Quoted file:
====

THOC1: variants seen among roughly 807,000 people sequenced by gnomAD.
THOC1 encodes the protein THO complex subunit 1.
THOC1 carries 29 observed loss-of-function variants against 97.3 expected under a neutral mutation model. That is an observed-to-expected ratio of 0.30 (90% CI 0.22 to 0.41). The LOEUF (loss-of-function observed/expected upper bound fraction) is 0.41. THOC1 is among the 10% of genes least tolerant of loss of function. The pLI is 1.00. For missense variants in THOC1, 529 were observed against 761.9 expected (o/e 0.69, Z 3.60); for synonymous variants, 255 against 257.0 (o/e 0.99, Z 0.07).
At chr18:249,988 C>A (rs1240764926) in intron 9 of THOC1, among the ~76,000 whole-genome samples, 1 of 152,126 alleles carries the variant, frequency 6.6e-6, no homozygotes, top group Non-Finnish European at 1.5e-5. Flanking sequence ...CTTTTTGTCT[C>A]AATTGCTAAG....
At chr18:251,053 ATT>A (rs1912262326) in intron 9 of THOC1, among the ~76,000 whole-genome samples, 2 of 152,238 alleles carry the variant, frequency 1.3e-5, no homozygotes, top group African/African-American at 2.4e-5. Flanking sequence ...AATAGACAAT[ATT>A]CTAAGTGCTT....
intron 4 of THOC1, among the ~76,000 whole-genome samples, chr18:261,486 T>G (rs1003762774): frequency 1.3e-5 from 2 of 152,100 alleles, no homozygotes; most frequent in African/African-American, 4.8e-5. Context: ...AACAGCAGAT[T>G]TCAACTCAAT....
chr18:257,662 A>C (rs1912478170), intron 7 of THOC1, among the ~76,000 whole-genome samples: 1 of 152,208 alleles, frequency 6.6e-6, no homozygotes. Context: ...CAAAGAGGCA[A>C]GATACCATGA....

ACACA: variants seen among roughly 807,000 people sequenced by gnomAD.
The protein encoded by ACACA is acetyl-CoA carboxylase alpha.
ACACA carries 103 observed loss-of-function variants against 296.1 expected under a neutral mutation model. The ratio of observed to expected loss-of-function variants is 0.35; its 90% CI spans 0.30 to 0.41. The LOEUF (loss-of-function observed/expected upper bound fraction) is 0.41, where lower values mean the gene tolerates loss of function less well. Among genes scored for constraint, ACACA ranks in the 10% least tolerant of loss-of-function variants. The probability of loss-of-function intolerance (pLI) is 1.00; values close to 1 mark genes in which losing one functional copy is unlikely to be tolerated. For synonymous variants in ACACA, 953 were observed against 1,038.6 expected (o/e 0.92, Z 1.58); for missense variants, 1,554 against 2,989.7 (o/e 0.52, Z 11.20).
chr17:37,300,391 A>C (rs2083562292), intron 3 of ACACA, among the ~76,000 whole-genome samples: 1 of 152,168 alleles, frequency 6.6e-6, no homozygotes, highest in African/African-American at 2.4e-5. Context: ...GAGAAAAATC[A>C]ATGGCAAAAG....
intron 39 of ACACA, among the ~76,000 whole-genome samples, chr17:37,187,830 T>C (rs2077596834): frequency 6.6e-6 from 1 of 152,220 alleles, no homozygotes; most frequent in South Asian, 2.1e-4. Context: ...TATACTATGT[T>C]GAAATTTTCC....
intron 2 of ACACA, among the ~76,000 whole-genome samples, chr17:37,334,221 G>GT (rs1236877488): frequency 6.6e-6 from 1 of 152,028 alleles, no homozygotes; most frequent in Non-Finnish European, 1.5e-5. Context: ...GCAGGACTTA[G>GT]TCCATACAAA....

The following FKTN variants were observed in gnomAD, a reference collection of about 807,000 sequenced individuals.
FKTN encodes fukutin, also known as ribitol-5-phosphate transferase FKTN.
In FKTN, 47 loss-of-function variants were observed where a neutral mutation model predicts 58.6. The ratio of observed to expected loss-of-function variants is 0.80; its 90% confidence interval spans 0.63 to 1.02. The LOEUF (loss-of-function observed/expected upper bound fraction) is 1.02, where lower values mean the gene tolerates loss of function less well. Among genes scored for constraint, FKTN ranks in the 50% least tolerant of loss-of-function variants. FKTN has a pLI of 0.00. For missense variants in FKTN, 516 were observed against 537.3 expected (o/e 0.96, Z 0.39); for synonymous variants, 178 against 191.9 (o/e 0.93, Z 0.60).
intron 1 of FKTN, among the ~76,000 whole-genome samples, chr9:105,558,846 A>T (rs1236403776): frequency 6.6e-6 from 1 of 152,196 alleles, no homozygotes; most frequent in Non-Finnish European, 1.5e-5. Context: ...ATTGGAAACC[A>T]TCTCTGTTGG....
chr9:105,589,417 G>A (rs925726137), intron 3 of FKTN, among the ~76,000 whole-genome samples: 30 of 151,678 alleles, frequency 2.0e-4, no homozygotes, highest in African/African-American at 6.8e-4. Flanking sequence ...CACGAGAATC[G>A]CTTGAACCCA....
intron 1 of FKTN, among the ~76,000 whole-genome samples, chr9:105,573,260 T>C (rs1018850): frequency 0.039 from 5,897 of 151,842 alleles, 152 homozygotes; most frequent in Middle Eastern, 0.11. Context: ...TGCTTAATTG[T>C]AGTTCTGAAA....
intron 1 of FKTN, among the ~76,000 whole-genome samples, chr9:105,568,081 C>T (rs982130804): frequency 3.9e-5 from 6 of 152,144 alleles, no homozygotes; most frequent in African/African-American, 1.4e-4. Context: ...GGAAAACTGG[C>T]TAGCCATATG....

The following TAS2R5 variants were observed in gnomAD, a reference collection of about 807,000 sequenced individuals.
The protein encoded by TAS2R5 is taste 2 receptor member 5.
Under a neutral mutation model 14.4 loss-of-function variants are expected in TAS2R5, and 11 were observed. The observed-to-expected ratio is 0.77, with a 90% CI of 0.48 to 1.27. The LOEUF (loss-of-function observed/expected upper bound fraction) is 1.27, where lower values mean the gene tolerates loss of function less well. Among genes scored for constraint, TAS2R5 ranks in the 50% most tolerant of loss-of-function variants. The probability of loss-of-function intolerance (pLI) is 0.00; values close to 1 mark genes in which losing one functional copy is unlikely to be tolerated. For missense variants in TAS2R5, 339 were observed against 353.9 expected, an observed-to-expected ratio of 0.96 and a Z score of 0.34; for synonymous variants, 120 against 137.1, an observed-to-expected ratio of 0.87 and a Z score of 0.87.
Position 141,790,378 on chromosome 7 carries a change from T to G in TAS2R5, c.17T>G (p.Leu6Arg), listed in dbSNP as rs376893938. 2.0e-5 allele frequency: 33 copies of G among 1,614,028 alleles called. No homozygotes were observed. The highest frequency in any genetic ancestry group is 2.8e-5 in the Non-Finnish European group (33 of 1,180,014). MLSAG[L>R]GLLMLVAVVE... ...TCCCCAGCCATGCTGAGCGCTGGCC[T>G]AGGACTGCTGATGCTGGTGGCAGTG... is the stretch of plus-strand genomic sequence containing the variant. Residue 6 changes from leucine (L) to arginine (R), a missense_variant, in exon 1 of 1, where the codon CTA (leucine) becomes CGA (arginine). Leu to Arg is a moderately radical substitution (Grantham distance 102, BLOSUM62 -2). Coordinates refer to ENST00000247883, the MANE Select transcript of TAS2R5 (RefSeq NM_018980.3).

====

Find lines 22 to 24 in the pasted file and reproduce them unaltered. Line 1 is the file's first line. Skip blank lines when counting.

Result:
The protein encoded by TAS2R5 is taste 2 receptor member 5.
Under a neutral mutation model 14.4 loss-of-function variants are expected in TAS2R5, and 11 were observed. The observed-to-expected ratio is 0.77, with a 90% CI of 0.48 to 1.27. The LOEUF (loss-of-function observed/expected upper bound fraction) is 1.27, where lower values mean the gene tolerates loss of function less well. Among genes scored for constraint, TAS2R5 ranks in the 50% most tolerant of loss-of-function variants. The probability of loss-of-function intolerance (pLI) is 0.00; values close to 1 mark genes in which losing one functional copy is unlikely to be tolerated. For missense variants in TAS2R5, 339 were observed against 353.9 expected, an observed-to-expected ratio of 0.96 and a Z score of 0.34; for synonymous variants, 120 against 137.1, an observed-to-expected ratio of 0.87 and a Z score of 0.87.
Position 141,790,378 on chromosome 7 carries a change from T to G in TAS2R5, c.17T>G (p.Leu6Arg), listed in dbSNP as rs376893938. 2.0e-5 allele frequency: 33 copies of G among 1,614,028 alleles called. No homozygotes were observed. The highest frequency in any genetic ancestry group is 2.8e-5 in the Non-Finnish European group (33 of 1,180,014). MLSAG[L>R]GLLMLVAVVE... ...TCCCCAGCCATGCTGAGCGCTGGCC[T>G]AGGACTGCTGATGCTGGTGGCAGTG... is the stretch of plus-strand genomic sequence containing the variant. Residue 6 changes from leucine (L) to arginine (R), a missense_variant, in exon 1 of 1, where the codon CTA (leucine) becomes CGA (arginine). Leu to Arg is a moderately radical substitution (Grantham distance 102, BLOSUM62 -2). Coordinates refer to ENST00000247883, the MANE Select transcript of TAS2R5 (RefSeq NM_018980.3).